During that time the Western Wall always remained a site venerated by Jews; many trekked from across the world to spend their last years near the walls of Jerusalem, spending much of their time in tearful prayer in front of the Western Wall; non-Jewish observers watching the Jews cry there (mourning the destruction of the Temple) gave the site its popular, but incorrect name, the Wailing Wall.

1917. The Jewish Legion soldiers at the Western Wall after taking part in British conquest of Jerusalem
1917. The Jewish Legion soldiers at the Western Wall after taking part in British conquest of Jerusalem

When the United Kingdom took control of the land in 1917 under General Edmund Allenby, Jews were still allowed to stand by the wall and utter their prayers. However during the 1948 Arab-Israeli War, the area near the wall was taken over by Arab Legion of the army of Jordan. Jews were denied access to the wall, in violation of the armistice agreements, and buildings were constructed within a few meters of the wall. During the 1967 Six Day War, Israel brought the wall under complete Jewish control for the first time in 2,000 years.

The Israelis demolished the medieval Moroccan Quarter and built a large plaza in its place in front of the wall which is used by thousands of Jews on the Jewish holidays, and is a favorite tourist attraction year round. Many foreign heads of state who visit Israel, come to the Wall, out of their respect for its significance to Israel and to Jews world-wide. The Western Wall continues to have a powerful hold on the devotion of Jews all over the world. Over the decades, millions have come as tourists and pilgrims to be able to touch the Wall with their hands and feel the sanctity that emanates from it.

Recent damage to plaza

  • On February 16, 2004, a portion of a stone retaining wall that forms one side of the Western Wall Plaza and supports the ramp that leads from the Western Wall plaza to the Gate of the Moors (Hebrew Sha'ar HaMughrabim, Arabic Bab al-Maghariba) and on the Temple Mount collapsed. [1]
  • On March 30, 2005, The word "Allah" in Arabic was found hewn into the eastern wall of Jerusalem's Temple Mount. The vandalism was discovered on a half-meter section of the 2,000 year old wall, which is undergoing repair by a team of Jordanian engineers. [2]

Eyewitness accounts

  • Now as soon as the army had no more people to slay or to plunder, because there remained none to be the objects of their fury (for they would not have spared any, had there remained any other work to be done), [Titus] Caesar gave orders that they should now demolish the entire city and Temple, but should leave as many of the towers standing as were of the greatest eminence; that is, Phasaelus, and Hippicus, and Mariamne; and so much of the wall as enclosed the city on the west side. This wall was spared, in order to afford a camp for such as were to lie in garrison [in the Upper City], as were the towers [the three forts] also spared, in order to demonstrate to posterity what kind of city it was, and how well fortified, which the Roman valor had subdued; but for all the rest of the wall [surrounding Jerusalem], it was so thoroughly laid even with the ground by those that dug it up to the foundation, that there was left nothing to make those that came thither believe it [Jerusalem] had ever been inhabited. This was the end which Jerusalem came to by the madness of those that were for innovations; a city otherwise of great magnificence, and of mighty fame among all mankind.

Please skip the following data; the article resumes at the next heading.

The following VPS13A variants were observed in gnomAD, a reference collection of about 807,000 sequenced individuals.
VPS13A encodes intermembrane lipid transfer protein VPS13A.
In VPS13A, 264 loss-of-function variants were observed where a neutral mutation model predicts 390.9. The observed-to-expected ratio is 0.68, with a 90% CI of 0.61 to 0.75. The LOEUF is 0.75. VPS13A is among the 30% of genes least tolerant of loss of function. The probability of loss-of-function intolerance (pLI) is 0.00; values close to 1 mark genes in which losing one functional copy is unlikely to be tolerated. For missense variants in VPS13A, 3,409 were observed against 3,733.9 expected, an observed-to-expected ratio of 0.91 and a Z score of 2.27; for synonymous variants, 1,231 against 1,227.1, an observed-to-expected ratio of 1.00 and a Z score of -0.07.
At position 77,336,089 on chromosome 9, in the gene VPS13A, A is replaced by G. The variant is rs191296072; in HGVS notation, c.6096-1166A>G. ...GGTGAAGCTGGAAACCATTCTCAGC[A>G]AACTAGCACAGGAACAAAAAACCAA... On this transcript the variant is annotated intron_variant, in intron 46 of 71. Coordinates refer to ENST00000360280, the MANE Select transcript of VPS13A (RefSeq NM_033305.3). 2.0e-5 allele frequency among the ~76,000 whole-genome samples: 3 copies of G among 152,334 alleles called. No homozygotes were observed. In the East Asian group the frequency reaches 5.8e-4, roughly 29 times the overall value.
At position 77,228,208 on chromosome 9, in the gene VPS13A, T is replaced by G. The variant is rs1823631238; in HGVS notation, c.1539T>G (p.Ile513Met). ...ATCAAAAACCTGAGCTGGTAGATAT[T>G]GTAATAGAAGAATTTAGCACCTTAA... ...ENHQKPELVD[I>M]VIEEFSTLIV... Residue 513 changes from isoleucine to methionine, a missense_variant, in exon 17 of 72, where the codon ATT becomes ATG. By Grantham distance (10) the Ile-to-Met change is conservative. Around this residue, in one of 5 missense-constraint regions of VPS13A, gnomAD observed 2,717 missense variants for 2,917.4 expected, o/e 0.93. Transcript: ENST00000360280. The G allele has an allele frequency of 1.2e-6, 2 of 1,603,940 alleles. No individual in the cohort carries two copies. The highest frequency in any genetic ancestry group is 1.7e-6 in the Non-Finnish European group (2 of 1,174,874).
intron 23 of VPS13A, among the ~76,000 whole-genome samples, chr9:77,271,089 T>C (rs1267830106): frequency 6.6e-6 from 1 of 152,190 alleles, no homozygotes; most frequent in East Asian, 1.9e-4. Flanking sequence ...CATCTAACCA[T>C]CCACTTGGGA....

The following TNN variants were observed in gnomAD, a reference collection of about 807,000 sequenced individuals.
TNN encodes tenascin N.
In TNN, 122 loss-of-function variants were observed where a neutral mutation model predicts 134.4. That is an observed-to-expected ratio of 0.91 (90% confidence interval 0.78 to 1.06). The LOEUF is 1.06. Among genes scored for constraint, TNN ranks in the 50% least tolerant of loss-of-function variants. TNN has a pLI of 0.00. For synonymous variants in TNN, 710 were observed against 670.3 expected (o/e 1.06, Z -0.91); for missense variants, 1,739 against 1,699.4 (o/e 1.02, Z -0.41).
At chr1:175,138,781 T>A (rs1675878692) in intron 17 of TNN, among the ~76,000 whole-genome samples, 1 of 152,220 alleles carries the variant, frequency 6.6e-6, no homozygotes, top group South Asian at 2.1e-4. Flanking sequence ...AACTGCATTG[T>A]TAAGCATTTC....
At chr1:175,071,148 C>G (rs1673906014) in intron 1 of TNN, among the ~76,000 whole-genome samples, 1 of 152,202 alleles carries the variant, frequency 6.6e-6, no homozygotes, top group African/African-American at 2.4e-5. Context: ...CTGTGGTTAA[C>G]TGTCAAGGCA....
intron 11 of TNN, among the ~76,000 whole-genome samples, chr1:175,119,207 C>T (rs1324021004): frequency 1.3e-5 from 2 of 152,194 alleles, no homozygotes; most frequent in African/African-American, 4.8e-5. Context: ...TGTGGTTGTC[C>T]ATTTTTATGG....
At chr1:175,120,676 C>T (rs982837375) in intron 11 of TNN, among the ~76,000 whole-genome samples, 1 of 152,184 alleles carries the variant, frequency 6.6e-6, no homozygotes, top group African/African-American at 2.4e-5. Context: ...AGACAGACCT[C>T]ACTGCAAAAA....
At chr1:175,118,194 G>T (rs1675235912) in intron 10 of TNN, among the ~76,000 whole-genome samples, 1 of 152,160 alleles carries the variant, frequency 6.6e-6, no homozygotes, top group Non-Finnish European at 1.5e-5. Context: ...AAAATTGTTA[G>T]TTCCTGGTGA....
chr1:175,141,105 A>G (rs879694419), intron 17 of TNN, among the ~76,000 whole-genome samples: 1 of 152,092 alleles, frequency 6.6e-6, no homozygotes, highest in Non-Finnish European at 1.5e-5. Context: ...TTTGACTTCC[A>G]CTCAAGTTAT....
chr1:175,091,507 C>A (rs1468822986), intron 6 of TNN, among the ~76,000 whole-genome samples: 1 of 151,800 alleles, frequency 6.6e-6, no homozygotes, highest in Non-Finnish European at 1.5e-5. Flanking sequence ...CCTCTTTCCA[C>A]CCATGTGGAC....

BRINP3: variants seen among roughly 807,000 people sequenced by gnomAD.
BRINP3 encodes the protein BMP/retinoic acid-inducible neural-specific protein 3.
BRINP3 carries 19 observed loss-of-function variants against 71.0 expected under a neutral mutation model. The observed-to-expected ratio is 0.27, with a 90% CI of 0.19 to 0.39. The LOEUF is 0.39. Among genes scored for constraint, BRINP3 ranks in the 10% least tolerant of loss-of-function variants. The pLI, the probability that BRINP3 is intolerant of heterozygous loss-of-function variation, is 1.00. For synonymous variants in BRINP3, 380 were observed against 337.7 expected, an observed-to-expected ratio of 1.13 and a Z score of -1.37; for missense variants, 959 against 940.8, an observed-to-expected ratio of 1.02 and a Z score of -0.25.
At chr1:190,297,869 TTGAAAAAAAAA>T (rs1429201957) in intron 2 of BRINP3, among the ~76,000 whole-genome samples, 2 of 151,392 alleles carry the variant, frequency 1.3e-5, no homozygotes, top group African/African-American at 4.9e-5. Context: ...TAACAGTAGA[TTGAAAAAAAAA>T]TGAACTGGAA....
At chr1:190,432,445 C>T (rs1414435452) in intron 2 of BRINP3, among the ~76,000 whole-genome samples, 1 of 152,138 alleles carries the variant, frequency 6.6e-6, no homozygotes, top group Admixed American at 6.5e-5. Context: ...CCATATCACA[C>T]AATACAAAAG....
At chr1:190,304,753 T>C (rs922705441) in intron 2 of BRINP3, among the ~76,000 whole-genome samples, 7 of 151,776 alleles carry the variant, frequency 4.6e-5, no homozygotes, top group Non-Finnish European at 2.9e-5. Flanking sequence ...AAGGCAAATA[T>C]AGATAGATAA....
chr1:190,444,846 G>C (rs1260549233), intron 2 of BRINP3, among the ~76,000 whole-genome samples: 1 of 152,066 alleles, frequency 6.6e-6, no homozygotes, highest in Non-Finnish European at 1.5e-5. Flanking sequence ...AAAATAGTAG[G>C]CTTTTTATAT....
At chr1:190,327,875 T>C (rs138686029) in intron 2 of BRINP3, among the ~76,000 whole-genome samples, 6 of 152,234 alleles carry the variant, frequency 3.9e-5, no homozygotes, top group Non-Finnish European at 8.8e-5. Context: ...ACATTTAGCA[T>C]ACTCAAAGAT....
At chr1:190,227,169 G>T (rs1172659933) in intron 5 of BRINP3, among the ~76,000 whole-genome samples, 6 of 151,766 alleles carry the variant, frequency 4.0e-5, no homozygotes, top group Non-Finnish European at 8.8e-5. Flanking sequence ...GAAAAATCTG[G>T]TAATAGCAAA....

• And truly, the very view itself was a melancholy thing; for those places which were adorned with trees and pleasant gardens, were now become desolate country every way, and its trees were all cut down. Nor could any foreigner that had formerly seen Judaea and the most beautiful suburbs of the city, and now saw it as a desert, but lament and mourn sadly at so great a change. For the war had laid all signs of beauty quite waste. Nor had anyone who had known the place before, had come on a sudden to it now, would he have known it again. But though he [a foreigner] were at the city itself, yet would he have inquired for it.
  • ...the Romans set fire to the extreme parts of the city [the suburbs] and burnt them down, and entirely demolished [Jerusalem’s] walls.
  • When [Titus] entirely demolished the rest of the city, and overthrew its walls, he left [three] towers as a monument of his good fortune, which had proved [the destructive power of] his auxiliaries, and enabled him to take what could not otherwise have been taken by him.
  • And where is now that great city, the metropolis of the Jewish nation, which was fortified by so many walls round about, which had so many fortresses and large towers to defend it, which could hardly contain the instruments prepared for the war, and which had so many ten thousands of men to fight for it? Where is this city that was believed to have God himself inhabiting therein? it is now demolished to the very foundations, and hath nothing left but that monument of it preserved, I mean the camp of those that hath destroyed it, which still dwells upon its ruins; some unfortunate old men also lie ashes upon the Temple, and a few women are there preserved alive by the enemy, for our bitter shame and reproach.... I cannot but wish that we had all died before we had seen that holy city demolished by the hands of our enemies, or the foundations of our Holy Temple dug up, after so profane a manner.
Eleazar at Masada, as reported by Josephus